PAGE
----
Tirzepatide, sold under the brand name Mounjaro, has been studied in people without diabetes at three doses: 5, 10 and 15 milligrams. Obese or overweight participants who took the 5 milligram dose lost an average of 35 pounds (16 kilograms), those who took the 10 milligram dose lost an average of 49 pounds (22 kilograms), and those who took the 15 milligram dose lost an average of 49 pounds (22 kilograms). Dose lost an average of 52 pounds (23.6 kilograms).
“Almost 40% of people lost a quarter of their body weight,” said co-author Dr. Ania Jastreboff, co-director of the Yale Center for Weight Management, in a media briefing.
“The data were pretty impressive,” said Dr. Robert Gabbay, Chief Medical Officer of the American Diabetes Association, speaking to CNN from the ADA’s 82nd Scientific Sessions in New Orleans, where the study results were presented.
“The weight loss they achieved in this study was even greater than in previous studies in people with diabetes,” said Gabbay, who was not affiliated with the study.
“The median range of weight loss for people in this new study was 49 pounds — 49 pounds is a lot,” he said. “It’s the realm of weight loss that we usually think is only possible through surgery.”
“It’s not an uncommon observation,” he said. “Previous weight-loss medications are less effective in people with diabetes, and we honestly don’t know exactly why.”
However, the effect of tirzepatide on people with diabetes is still “profound,” Gabbay said, “and offers much more than other agents that we’ve had.”
For the new study, weekly injections of tirzepatide were tested in more than 2,500 people without diabetes with a body mass index (BMI) over 30 or a BMI over 27 and at least one weight-related medical condition, such as high blood pressure, high cholesterol or cardiovascular disease . A measure of a person’s height-to-weight ratio, a BMI of 25 or greater is considered overweight in adults.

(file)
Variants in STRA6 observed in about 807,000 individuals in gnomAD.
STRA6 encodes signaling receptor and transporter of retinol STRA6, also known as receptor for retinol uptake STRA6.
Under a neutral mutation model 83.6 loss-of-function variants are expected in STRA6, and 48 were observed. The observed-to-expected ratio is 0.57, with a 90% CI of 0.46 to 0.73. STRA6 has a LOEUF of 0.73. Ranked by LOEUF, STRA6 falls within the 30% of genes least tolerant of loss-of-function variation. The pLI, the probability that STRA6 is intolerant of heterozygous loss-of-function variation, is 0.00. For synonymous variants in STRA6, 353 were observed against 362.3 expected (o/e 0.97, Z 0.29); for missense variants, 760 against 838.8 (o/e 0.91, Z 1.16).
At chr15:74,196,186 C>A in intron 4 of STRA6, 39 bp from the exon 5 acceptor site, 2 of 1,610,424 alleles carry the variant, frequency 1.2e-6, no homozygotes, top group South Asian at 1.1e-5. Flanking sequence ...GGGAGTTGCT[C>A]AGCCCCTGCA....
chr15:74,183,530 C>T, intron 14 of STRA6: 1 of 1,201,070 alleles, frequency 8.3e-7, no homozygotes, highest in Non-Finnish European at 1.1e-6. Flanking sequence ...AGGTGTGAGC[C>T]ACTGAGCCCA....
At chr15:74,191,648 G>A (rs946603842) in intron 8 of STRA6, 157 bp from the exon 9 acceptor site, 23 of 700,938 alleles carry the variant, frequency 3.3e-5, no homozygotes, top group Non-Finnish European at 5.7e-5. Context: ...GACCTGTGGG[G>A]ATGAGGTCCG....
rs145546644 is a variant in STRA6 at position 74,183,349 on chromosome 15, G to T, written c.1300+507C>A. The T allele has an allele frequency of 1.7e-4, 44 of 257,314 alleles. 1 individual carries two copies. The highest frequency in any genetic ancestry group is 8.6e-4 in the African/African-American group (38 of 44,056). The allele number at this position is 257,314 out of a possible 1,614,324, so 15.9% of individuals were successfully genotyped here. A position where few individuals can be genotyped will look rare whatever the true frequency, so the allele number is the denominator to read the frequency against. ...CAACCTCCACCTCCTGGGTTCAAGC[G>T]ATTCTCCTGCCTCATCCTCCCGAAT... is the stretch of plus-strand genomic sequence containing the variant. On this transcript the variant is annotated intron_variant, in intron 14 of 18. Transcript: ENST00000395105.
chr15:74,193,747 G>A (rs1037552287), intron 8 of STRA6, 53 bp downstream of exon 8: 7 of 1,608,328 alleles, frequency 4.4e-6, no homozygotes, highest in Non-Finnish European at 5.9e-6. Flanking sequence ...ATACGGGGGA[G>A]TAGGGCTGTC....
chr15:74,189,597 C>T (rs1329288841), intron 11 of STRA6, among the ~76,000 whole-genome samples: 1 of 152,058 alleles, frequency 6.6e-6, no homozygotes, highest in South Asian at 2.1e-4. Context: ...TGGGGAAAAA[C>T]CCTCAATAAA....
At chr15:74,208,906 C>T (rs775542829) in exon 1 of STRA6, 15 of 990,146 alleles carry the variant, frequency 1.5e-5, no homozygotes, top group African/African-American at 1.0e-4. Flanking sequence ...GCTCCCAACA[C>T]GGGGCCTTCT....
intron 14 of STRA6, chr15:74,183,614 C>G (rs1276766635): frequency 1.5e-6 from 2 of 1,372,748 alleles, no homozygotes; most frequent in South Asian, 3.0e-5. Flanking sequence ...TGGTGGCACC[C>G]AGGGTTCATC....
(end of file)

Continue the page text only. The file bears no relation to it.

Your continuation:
At the start of the study, the participants had an average weight of 231 pounds (104.8 kilograms) and an average BMI of 38.
Adults in the study injected themselves with tirzepatide or a placebo once a week using “a small pen-like device with a tiny, tiny needle,” Gabbay said. “The prick from this needle is less painful than, for example, people who prick their fingers to measure their blood sugar.”
Study participants also received counseling sessions to help them maintain a healthy diet with a daily deficit of 500 calories and at least 150 minutes of physical activity per week. While this certainly helped, it doesn’t explain the magnitude of the weight loss seen in the study, Gabbay said.
“The kind of weight loss that we see when people exercise and change their calorie intake is somewhere in the range of 5% to 7%,” he said. “This study showed significantly greater weight loss, far in excess of what we would imagine with lifestyle changes.”
The most commonly reported side effects were nausea, diarrhea and constipation. Between 2.6% and 7.1% of participants discontinued treatment due to side effects.
Mounjaro carries a boxed warning about thyroid tumors and should not be taken by anyone with a family history of certain thyroid disorders.
“Obesity should be treated like any other chronic disease — with effective and safe approaches that target the underlying (causes of) disease… and these results underscore that Tirzepatide may do just that,” said Jastreboff of the Yale Center for Weight Management in a press release from the American Diabetes Association.
“These results are an important step forward in potentially expanding effective therapeutic options for people living with obesity.”